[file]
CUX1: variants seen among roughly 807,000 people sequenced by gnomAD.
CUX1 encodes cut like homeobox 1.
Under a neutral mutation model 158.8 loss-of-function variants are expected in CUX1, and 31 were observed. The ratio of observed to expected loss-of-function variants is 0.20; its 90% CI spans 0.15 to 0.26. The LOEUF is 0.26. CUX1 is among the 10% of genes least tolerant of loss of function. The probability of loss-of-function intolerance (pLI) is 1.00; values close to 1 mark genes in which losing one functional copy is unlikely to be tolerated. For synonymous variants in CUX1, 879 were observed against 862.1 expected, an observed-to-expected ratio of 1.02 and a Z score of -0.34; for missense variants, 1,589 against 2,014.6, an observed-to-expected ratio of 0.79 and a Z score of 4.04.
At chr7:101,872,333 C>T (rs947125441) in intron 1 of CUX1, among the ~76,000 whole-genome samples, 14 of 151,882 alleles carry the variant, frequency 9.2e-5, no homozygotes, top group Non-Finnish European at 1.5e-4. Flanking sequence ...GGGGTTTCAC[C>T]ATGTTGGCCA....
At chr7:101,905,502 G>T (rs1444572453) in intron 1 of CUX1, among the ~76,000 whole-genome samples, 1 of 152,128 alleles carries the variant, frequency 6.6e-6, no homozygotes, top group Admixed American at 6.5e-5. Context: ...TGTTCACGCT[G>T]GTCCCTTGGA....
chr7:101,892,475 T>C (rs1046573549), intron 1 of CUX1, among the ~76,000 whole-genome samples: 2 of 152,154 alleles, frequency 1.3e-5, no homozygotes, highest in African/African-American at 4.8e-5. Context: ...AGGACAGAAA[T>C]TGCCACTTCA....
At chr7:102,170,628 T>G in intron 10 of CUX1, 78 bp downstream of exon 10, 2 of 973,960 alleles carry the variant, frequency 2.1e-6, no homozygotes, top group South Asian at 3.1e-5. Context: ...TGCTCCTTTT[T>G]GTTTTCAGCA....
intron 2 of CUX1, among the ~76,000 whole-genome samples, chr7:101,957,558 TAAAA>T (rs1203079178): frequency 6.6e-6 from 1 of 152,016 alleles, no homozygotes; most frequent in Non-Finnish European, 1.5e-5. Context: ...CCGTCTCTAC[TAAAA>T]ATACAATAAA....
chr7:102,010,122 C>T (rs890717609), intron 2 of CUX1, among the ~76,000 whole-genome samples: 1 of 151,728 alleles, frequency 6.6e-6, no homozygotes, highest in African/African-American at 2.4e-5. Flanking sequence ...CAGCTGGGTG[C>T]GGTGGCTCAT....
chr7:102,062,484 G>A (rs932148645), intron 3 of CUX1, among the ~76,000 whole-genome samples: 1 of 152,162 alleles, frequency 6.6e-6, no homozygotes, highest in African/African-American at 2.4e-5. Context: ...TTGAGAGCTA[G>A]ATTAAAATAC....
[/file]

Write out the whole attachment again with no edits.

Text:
CUX1: variants seen among roughly 807,000 people sequenced by gnomAD.
CUX1 encodes cut like homeobox 1.
Under a neutral mutation model 158.8 loss-of-function variants are expected in CUX1, and 31 were observed. The ratio of observed to expected loss-of-function variants is 0.20; its 90% CI spans 0.15 to 0.26. The LOEUF is 0.26. CUX1 is among the 10% of genes least tolerant of loss of function. The probability of loss-of-function intolerance (pLI) is 1.00; values close to 1 mark genes in which losing one functional copy is unlikely to be tolerated. For synonymous variants in CUX1, 879 were observed against 862.1 expected, an observed-to-expected ratio of 1.02 and a Z score of -0.34; for missense variants, 1,589 against 2,014.6, an observed-to-expected ratio of 0.79 and a Z score of 4.04.
At chr7:101,872,333 C>T (rs947125441) in intron 1 of CUX1, among the ~76,000 whole-genome samples, 14 of 151,882 alleles carry the variant, frequency 9.2e-5, no homozygotes, top group Non-Finnish European at 1.5e-4. Flanking sequence ...GGGGTTTCAC[C>T]ATGTTGGCCA....
At chr7:101,905,502 G>T (rs1444572453) in intron 1 of CUX1, among the ~76,000 whole-genome samples, 1 of 152,128 alleles carries the variant, frequency 6.6e-6, no homozygotes, top group Admixed American at 6.5e-5. Context: ...TGTTCACGCT[G>T]GTCCCTTGGA....
chr7:101,892,475 T>C (rs1046573549), intron 1 of CUX1, among the ~76,000 whole-genome samples: 2 of 152,154 alleles, frequency 1.3e-5, no homozygotes, highest in African/African-American at 4.8e-5. Context: ...AGGACAGAAA[T>C]TGCCACTTCA....
At chr7:102,170,628 T>G in intron 10 of CUX1, 78 bp downstream of exon 10, 2 of 973,960 alleles carry the variant, frequency 2.1e-6, no homozygotes, top group South Asian at 3.1e-5. Context: ...TGCTCCTTTT[T>G]GTTTTCAGCA....
intron 2 of CUX1, among the ~76,000 whole-genome samples, chr7:101,957,558 TAAAA>T (rs1203079178): frequency 6.6e-6 from 1 of 152,016 alleles, no homozygotes; most frequent in Non-Finnish European, 1.5e-5. Context: ...CCGTCTCTAC[TAAAA>T]ATACAATAAA....
chr7:102,010,122 C>T (rs890717609), intron 2 of CUX1, among the ~76,000 whole-genome samples: 1 of 151,728 alleles, frequency 6.6e-6, no homozygotes, highest in African/African-American at 2.4e-5. Flanking sequence ...CAGCTGGGTG[C>T]GGTGGCTCAT....
chr7:102,062,484 G>A (rs932148645), intron 3 of CUX1, among the ~76,000 whole-genome samples: 1 of 152,162 alleles, frequency 6.6e-6, no homozygotes, highest in African/African-American at 2.4e-5. Context: ...TTGAGAGCTA[G>A]ATTAAAATAC....